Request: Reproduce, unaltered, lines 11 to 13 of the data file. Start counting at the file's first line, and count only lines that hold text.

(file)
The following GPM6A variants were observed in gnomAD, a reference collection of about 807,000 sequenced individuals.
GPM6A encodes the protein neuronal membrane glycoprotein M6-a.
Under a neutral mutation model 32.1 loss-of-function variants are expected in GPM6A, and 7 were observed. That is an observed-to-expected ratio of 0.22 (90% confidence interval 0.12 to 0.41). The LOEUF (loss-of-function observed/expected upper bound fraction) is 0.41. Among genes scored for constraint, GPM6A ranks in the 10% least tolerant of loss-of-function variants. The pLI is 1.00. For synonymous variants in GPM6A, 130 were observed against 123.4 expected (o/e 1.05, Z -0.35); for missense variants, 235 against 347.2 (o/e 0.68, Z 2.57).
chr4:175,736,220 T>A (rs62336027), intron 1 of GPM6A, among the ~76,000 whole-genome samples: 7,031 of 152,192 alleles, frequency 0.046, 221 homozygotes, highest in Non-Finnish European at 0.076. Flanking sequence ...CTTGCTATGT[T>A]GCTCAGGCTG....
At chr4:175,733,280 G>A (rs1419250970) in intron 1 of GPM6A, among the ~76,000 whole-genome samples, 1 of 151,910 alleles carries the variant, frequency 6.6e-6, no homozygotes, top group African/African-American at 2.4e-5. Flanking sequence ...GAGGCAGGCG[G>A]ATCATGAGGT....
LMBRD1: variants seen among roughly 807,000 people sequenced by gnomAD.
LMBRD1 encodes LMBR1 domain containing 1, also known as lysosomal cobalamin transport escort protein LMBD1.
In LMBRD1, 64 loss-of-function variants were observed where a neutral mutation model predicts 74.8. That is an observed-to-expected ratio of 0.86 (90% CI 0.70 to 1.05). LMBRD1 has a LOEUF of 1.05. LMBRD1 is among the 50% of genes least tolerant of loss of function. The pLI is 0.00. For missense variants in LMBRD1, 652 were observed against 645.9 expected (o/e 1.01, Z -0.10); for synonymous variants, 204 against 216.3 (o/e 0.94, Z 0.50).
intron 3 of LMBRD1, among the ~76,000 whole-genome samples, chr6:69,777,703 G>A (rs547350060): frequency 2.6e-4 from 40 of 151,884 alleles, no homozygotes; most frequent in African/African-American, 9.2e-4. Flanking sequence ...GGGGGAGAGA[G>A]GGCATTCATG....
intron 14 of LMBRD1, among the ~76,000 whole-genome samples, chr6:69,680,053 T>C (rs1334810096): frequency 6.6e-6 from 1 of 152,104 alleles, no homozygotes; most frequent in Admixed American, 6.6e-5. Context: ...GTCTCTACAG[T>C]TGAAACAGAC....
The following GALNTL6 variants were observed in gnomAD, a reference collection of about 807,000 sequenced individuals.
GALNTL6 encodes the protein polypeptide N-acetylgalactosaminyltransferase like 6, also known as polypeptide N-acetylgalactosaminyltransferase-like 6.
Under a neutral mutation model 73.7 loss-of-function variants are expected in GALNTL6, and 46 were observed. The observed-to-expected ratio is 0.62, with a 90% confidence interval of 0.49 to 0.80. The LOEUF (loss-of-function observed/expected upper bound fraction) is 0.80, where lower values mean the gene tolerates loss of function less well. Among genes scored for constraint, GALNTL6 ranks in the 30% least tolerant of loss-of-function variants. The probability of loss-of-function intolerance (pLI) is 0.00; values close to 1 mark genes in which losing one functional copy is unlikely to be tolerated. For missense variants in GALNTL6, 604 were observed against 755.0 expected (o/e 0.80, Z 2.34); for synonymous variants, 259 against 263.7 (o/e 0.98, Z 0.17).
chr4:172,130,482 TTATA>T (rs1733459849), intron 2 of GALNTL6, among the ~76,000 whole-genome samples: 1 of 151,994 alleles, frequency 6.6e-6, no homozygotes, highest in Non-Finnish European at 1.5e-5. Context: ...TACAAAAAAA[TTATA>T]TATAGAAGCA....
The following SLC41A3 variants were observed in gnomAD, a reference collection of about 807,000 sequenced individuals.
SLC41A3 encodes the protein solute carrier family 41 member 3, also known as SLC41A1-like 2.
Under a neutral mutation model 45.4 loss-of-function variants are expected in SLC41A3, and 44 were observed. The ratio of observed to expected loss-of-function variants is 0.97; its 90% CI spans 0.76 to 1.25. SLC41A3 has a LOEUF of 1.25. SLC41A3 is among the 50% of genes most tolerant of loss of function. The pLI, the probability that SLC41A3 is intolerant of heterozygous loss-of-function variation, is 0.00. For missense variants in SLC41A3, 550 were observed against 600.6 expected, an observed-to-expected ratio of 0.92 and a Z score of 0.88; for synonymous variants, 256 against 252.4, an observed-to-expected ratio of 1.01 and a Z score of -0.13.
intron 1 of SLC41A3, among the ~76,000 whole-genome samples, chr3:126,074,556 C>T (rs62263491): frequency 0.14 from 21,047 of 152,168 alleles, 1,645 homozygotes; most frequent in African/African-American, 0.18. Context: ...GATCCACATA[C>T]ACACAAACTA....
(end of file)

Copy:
The following GALNTL6 variants were observed in gnomAD, a reference collection of about 807,000 sequenced individuals.
GALNTL6 encodes the protein polypeptide N-acetylgalactosaminyltransferase like 6, also known as polypeptide N-acetylgalactosaminyltransferase-like 6.
Under a neutral mutation model 73.7 loss-of-function variants are expected in GALNTL6, and 46 were observed. The observed-to-expected ratio is 0.62, with a 90% confidence interval of 0.49 to 0.80. The LOEUF (loss-of-function observed/expected upper bound fraction) is 0.80, where lower values mean the gene tolerates loss of function less well. Among genes scored for constraint, GALNTL6 ranks in the 30% least tolerant of loss-of-function variants. The probability of loss-of-function intolerance (pLI) is 0.00; values close to 1 mark genes in which losing one functional copy is unlikely to be tolerated. For missense variants in GALNTL6, 604 were observed against 755.0 expected (o/e 0.80, Z 2.34); for synonymous variants, 259 against 263.7 (o/e 0.98, Z 0.17).